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Supreme Court Says Physicians Should Arbitrate RICO Claims Against HMOs


HLD, v. 31, n. 6 (June 2003)

Supreme Court Says Physicians Should Arbitrate RICO Claims Against HMOs

In 2000, a group of physicians filed a lawsuit in federal district court against several major managed care organizations, including PacifiCare Health Systems, Inc. (PacifiCare) and United Healthcare, Inc. (United), for their alleged unlawful dealings with the physicians. According to the lawsuit, the health plans engaged in a system-wide effort to cheat the physicians out of payments they deserved for treating the plans' members and violated the Racketeer Influenced and Corrupt Organizations Act (RICO), the Employee Retirement Income Security Act (ERISA), and various prompt pay statutes. PacifiCare and United argued that their agreements with the physicians required arbitration of these disputes, including those arising under RICO. But Judge Federico Moreno of the U.S. District Court for the Southern District of Florida denied their request for arbitration of the RICO claims, finding the agreements' prohibition on punitive damages made them unenforceable as to those claims because they could deny the physicians "meaningful relief" under RICO's treble damages provision. On appeal, the Eleventh Circuit affirmed.

The Supreme Court reversed, ruling that the physicians should arbitrate their RICO claims rather than proceed in court. According to the unanimous decision, authored by Justice Antonin Scalia, it was too early to tell whether the agreements' remedial restrictions actually prevented the award of treble damages under RICO. "In short, since we do not know how the arbitrator will construe the remedial limitations, the questions whether they render the parties' agreements unenforceable and whether it is for courts or arbitrators to decide enforceability in the first instance are unusually abstract," Scalia wrote. Under these circumstances, arbitration is the proper course, the Court held.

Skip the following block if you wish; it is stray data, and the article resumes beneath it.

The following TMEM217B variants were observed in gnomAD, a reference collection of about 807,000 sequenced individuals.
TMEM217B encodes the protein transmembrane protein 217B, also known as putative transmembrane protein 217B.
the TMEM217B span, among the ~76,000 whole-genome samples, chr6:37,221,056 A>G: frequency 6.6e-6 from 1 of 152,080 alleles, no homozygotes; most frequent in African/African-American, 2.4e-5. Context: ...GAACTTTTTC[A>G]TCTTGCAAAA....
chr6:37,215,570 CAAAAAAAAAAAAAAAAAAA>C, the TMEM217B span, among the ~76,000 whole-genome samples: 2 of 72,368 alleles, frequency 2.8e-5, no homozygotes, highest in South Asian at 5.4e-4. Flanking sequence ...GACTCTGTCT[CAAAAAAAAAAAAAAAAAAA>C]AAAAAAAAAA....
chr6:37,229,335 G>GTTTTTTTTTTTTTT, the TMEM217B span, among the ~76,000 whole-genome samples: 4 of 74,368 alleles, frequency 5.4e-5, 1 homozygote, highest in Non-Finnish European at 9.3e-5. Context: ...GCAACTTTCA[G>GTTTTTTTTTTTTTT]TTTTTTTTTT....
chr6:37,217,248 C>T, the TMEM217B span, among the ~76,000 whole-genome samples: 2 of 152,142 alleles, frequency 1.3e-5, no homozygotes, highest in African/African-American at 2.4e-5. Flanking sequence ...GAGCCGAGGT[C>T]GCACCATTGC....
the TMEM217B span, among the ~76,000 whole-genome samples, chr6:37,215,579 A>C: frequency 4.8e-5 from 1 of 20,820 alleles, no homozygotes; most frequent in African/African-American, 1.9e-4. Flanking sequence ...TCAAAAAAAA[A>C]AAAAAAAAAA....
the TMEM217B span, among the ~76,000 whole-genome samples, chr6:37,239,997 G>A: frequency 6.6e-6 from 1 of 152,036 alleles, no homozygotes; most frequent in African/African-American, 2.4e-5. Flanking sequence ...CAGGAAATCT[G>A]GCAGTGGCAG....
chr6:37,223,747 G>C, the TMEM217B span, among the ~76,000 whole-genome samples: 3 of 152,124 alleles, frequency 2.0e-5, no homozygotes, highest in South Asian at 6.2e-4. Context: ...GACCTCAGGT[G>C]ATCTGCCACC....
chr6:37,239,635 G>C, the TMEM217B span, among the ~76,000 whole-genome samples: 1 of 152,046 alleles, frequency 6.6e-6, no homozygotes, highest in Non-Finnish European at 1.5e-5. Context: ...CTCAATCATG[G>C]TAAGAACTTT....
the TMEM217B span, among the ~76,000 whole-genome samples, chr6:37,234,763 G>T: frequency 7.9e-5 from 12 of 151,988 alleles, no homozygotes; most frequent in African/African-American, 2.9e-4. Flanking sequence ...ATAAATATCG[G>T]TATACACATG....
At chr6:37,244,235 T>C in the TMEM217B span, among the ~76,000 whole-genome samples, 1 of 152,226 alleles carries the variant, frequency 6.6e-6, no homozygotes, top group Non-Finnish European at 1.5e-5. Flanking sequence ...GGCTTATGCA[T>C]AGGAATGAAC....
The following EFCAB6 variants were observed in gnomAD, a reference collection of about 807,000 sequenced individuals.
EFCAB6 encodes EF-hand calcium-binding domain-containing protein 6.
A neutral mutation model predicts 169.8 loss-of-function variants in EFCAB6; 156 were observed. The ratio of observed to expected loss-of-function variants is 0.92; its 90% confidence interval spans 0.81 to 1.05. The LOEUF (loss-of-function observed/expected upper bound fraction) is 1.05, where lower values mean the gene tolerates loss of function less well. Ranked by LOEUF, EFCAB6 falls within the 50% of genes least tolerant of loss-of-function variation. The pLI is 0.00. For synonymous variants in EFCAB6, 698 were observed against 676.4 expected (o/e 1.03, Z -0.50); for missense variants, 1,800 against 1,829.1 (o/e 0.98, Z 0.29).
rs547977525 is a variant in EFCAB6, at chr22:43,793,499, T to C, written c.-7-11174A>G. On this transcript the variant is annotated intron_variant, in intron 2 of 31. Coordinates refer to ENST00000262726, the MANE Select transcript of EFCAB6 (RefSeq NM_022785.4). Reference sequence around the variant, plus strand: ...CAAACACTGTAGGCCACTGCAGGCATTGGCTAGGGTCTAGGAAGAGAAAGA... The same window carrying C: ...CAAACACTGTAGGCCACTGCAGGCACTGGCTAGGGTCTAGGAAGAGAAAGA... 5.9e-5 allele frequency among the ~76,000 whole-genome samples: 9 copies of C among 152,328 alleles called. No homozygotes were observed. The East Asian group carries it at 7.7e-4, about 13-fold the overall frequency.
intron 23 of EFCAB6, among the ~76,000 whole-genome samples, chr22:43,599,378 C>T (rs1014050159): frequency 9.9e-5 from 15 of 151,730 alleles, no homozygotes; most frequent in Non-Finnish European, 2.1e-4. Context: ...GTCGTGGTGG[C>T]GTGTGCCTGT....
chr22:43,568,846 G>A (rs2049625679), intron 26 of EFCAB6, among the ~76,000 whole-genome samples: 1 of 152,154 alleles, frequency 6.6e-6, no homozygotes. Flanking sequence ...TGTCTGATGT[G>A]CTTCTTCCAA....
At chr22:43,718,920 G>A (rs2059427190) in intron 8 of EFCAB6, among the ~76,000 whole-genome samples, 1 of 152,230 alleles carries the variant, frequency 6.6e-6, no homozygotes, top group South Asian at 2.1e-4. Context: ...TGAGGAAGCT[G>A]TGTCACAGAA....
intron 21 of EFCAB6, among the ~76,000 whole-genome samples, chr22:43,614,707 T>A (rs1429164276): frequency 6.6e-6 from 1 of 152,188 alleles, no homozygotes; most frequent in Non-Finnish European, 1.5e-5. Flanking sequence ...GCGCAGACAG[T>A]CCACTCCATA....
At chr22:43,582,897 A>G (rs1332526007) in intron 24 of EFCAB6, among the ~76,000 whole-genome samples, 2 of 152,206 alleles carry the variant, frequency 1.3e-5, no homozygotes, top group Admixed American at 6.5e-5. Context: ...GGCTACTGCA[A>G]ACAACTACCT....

The Court said the ambiguous terms of the agreements made it "unclear" whether the parties intended the arbitration agreements to exclude treble damages under RICO. "Our cases have placed different statutory treble damages provisions on different points along the spectrum between purely compensatory and strictly punitive awards," the High Court observed. Most recently, in Cook County v. United States ex rel. Chandler, No. 01-1572 (U.S. Mar. 10, 2003), the Court noted that treble damages have a compensatory side that serves remedial ends as well as punitive ones in holding local governments are "persons" under the False Claims Act. "Indeed, we have repeatedly acknowledged that the treble-damages provision contained in RICO itself is remedial in nature," Scalia wrote. Given these uncertainties, the Court concluded it would be "premature" to deny arbitration based on "mere speculation" as to how an arbitrator would interpret the agreements.

PacifiCare Health Sys. Inc. v. Book, No. 02-215 (U.S. Apr. 7, 2003) (6 pages).

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